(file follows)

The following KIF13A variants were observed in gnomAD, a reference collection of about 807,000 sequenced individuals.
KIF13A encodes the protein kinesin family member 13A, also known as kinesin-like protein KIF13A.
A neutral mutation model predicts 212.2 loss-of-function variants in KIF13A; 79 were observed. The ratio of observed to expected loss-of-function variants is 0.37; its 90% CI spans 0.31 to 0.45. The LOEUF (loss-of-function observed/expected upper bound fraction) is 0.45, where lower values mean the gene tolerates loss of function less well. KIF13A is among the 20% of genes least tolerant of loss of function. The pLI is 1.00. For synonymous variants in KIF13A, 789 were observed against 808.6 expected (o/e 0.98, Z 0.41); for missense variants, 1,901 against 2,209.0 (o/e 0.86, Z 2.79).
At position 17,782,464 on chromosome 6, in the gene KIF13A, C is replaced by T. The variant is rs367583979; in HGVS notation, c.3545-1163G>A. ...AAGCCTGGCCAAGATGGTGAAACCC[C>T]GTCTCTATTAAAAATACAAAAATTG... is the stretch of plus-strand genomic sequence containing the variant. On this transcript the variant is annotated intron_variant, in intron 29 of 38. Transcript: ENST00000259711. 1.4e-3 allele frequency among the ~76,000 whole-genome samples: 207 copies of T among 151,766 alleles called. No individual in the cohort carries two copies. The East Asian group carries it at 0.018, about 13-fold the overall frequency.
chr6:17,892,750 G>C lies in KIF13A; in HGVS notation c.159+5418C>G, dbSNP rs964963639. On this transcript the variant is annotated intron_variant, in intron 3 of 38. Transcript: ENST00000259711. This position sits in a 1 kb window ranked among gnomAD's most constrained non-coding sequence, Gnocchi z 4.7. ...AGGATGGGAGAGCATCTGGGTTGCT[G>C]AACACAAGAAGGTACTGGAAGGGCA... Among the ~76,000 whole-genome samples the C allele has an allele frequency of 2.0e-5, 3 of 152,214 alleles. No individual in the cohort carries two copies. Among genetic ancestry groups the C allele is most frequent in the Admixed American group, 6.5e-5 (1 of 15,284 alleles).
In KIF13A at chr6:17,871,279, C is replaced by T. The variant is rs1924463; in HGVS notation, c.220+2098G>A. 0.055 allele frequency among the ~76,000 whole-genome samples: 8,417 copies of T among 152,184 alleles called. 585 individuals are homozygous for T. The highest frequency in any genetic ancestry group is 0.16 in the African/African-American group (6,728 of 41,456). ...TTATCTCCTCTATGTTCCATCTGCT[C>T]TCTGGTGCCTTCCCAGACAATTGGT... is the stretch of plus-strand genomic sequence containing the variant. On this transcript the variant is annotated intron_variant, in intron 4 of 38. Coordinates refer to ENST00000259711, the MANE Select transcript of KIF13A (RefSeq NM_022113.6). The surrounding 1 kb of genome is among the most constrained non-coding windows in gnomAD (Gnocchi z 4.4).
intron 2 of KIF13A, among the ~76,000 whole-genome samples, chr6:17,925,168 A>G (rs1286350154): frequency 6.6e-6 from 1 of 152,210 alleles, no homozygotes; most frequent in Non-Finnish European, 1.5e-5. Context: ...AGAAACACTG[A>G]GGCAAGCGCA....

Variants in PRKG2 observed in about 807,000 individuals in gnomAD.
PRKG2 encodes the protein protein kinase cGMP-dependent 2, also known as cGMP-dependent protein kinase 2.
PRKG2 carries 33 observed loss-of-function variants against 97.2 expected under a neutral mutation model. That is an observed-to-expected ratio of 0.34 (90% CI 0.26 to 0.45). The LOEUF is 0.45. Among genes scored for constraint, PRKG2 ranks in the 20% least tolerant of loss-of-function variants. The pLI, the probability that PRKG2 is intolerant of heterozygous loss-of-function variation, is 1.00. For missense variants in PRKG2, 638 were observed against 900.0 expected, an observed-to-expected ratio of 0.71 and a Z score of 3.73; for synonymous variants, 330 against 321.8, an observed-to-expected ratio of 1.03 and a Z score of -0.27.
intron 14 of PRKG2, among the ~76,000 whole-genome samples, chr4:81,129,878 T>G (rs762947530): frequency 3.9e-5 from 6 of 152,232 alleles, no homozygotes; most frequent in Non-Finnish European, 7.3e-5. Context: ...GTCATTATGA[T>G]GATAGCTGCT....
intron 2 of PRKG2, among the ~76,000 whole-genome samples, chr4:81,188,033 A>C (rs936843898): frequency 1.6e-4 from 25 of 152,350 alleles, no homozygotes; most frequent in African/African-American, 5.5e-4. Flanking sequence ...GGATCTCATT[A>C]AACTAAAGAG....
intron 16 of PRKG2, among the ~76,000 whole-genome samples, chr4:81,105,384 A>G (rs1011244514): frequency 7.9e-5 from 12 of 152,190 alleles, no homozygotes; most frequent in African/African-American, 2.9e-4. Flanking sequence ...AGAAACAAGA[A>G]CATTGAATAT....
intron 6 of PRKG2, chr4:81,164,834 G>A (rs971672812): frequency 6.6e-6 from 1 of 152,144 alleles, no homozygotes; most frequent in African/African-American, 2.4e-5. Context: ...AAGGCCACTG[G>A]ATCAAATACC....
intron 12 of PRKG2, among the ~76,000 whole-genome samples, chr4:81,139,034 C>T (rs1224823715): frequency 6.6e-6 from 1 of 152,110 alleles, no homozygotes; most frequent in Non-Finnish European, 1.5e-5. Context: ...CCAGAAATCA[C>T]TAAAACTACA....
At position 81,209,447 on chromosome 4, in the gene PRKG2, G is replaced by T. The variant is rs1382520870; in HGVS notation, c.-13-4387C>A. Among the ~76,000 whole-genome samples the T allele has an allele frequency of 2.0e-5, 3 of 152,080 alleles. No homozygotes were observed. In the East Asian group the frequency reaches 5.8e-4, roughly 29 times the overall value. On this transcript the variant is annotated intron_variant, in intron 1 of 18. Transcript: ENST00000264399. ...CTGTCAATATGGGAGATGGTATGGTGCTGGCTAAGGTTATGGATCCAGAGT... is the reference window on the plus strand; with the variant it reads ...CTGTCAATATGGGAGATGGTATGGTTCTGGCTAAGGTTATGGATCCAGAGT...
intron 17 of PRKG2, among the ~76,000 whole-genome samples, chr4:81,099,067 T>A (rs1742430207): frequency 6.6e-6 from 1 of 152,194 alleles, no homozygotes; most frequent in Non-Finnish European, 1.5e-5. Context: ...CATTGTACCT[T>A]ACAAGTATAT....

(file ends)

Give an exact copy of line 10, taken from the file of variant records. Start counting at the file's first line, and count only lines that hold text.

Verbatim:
PRKG2 carries 33 observed loss-of-function variants against 97.2 expected under a neutral mutation model. That is an observed-to-expected ratio of 0.34 (90% CI 0.26 to 0.45). The LOEUF is 0.45. Among genes scored for constraint, PRKG2 ranks in the 20% least tolerant of loss-of-function variants. The pLI, the probability that PRKG2 is intolerant of heterozygous loss-of-function variation, is 1.00. For missense variants in PRKG2, 638 were observed against 900.0 expected, an observed-to-expected ratio of 0.71 and a Z score of 3.73; for synonymous variants, 330 against 321.8, an observed-to-expected ratio of 1.03 and a Z score of -0.27.